The Cabinet approved a comprehensive plan announced by the prime minister to strengthen economic ties with Asia and Latin America and to decrease dependence on the European market.
The Cabinet, at its weekly meeting Sunday, approved Prime Minister Benjamin Netanyahu’s and Foreign Minister Avigdor Liberman’s plan to strengthen economic ties with the Pacific Alliance (<http://alianzapacifico.net/en/>) countries and Latin America.
Approval of the plan reflects the desire to vary the Israeli economy’s trade goals so as to add high-growth areas. To this end, Netanyahu has called for the advancement of economic links with Latin America in general and the Pacific Alliance nations (Colombia, Mexico, Chile, Peru and Costa Rica) in particular.
“Last week, I returned from my visit to Japan,” Netanyahu said. “The growth of the Israeli economy depends, first and foremost, on expanding our marketing activity abroad and creating new markets. Last year, I visited China. As a result of this visit, we now see economic development and increased economic activity between the two countries. In Japan last week, there was a clear decision to deepen ties and develop economic, technological, scientific and other links between us and Japan.
“On Friday, I spoke with the prime Minister-Elect of India. There, too, there is a clear expression of the desire to deepen and develop economic ties with the State of Israel.”
‘Comprehensive Plan’ Includes Asia and Latin America
“Today, we will approve a decision – which has been submitted by the Foreign Minister and which, I think, is very important – to strengthen economic ties and develop links with the Pacific Alliance,” the Israeli leader stated. “The Pacific Alliance is a pact between five Latin American countries with a combined GDP of over $3 trillion.
“We are making a very concentrated and focused effort to vary our markets, from our previous dependence on the European market, to the growing Asian and Latin American markets, in which Israel needs to take a small market share and bring about growth, employment and social welfare in the State of Israel,” Netanyahu explained. “This is a strategic and – I think – a very promising effort. It has already begun to show results and will continue to do so. I would like all ministers, each in his or her own field, to join this important effort.”
In recent months, Prime Minister’s Office director general Harel Locker, along with his deputy, Yossi Katribas, and in conjunction with the Foreign, Economy, Tourism, Agriculture, Science and Technology, and Finance ministries, has led an inter-ministerial team that has formulated a comprehensive plan. The approximately NIS 50 million, 2014-2017 plan will lead to the opening of two new commercial attaché offices, in Chile and Peru, respectively; cooperation with the Inter-American Development Bank in the form of a designated fund for training and guidance, and cooperation in industrial research and development that will be jointly financed by the State of Israel and the IADB, with NIS 7 million from each side; boosting Israel’s embassies in Mexico, Colombia and Costa Rica; the implementation of a three-year plan to increase incoming tourism from Colombia and Mexico; the establishment of a Latin America desk at the Economy Ministry Foreign Trade Administration and at the Foreign Ministry Economic Branch; progress toward signing free trade and research and development agreements; the reopening of the Israeli embassy in Paraguay; the implementation of joint space projects; the establishment of a joint agricultural research fund with Mexico; progress toward signing financial protocols with Colombia, Brazil and Chile; etc. The Foreign Ministry Director General will chair an inter-ministerial team to monitor implementation of the Cabinet’s decision and carry out the government working plan in cooperation with the Latin American countries.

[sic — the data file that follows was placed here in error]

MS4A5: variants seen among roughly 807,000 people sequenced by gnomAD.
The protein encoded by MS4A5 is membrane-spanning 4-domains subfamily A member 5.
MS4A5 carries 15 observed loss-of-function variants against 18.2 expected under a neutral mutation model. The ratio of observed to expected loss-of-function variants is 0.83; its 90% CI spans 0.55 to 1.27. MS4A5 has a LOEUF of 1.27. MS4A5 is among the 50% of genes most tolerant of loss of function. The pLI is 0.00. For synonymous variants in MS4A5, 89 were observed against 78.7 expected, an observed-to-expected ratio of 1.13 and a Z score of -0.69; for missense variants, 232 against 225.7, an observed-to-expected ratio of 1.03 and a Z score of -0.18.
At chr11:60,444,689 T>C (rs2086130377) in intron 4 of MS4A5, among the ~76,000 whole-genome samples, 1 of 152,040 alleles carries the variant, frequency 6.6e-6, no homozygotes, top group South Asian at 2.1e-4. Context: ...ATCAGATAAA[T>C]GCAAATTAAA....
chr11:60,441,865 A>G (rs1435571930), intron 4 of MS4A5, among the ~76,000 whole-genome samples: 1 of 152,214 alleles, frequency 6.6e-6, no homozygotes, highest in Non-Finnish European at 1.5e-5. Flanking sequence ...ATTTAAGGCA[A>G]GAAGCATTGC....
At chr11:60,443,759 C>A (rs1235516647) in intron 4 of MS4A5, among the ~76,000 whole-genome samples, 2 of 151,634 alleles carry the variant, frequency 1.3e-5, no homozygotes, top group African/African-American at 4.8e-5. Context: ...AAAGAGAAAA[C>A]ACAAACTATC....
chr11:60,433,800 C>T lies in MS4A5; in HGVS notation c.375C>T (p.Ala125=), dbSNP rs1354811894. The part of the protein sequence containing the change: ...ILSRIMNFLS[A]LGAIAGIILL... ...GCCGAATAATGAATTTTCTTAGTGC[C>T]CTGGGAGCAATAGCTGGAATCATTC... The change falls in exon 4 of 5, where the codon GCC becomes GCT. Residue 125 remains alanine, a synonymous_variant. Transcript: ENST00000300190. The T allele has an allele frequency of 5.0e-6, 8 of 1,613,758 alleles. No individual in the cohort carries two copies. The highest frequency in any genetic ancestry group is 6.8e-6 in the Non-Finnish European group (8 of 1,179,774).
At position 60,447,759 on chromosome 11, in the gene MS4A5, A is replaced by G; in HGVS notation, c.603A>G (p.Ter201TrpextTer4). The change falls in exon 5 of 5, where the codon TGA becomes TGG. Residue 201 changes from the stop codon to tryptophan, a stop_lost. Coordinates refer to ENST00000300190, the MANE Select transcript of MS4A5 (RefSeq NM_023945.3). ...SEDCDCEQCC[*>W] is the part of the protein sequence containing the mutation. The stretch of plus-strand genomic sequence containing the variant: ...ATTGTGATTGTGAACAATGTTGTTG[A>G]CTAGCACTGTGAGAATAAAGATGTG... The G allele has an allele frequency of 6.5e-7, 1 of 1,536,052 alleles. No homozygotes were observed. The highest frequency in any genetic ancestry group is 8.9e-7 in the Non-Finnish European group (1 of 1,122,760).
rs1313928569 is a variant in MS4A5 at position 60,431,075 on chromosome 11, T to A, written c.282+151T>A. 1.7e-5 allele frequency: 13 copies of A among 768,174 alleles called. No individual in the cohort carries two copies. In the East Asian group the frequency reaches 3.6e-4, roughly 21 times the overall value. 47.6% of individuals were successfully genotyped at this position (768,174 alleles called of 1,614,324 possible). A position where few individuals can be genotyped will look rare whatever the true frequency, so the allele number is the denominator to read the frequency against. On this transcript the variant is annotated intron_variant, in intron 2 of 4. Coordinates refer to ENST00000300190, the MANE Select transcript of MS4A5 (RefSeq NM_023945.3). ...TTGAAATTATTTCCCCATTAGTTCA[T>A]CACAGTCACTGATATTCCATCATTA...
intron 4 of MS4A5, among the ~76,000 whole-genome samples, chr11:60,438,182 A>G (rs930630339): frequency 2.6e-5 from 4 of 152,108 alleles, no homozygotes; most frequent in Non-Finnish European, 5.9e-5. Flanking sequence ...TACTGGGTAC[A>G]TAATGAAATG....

Great Demand in Latin America for Israeli Expertise
The combined GDP of the Pacific Alliance Nations is approximately $3 trillion and constitutes 40% of Latin America’s GDP. They form the sixth largest economy in the world, concentrate 50% of Latin America’s trade and 26% of its foreign investments (over $70 billion). The average growth of its member states is 5% and imports are expected to grow by 6% per annum. There is great demand in Latin America, especially among the Pacific Alliance member states, for Israeli technology and expertise in fields such as – inter alia – infrastructures, agriculture and science. In 2012, Israeli exports to Pacific alliance member states was just over $1 billion, approximately 2% of Israel’s total commercial exports.
Last February, Israel became an observer in the Pacific Alliance. As an observer state, Israel will be invited to take part in the staff work of the Pacific Alliance and attend its conferences, which will facilitate the advancement of cooperation with its member states.
The advantages to the Israeli economy from deepening ties with Latin America in general, and the Pacific Alliance member states in particular, are:
* Varying Israel’s export goals and increasing economic immunity to fluctuations in global markets;
* More fully utilizing the potential of trade with these countries. The State of Israel’s exports in 2013 amounted to $66.5836 billion, of which approximately 2% went to Pacific Alliance member states. In comparison, exports from the UK (a smaller economy than that of the Pacific Alliance member states as a whole) to Pacific Alliance member states was 5% of its total exports in 2013;
* Israeli exports to Latin America are very concentrated. Approximately 10 exporters account for almost 50% of total exports to the region. Government activity to enhance commercial ties with these countries will assist in opening the market to additional exporters.
(Source: Government Press Office, Jerusalem)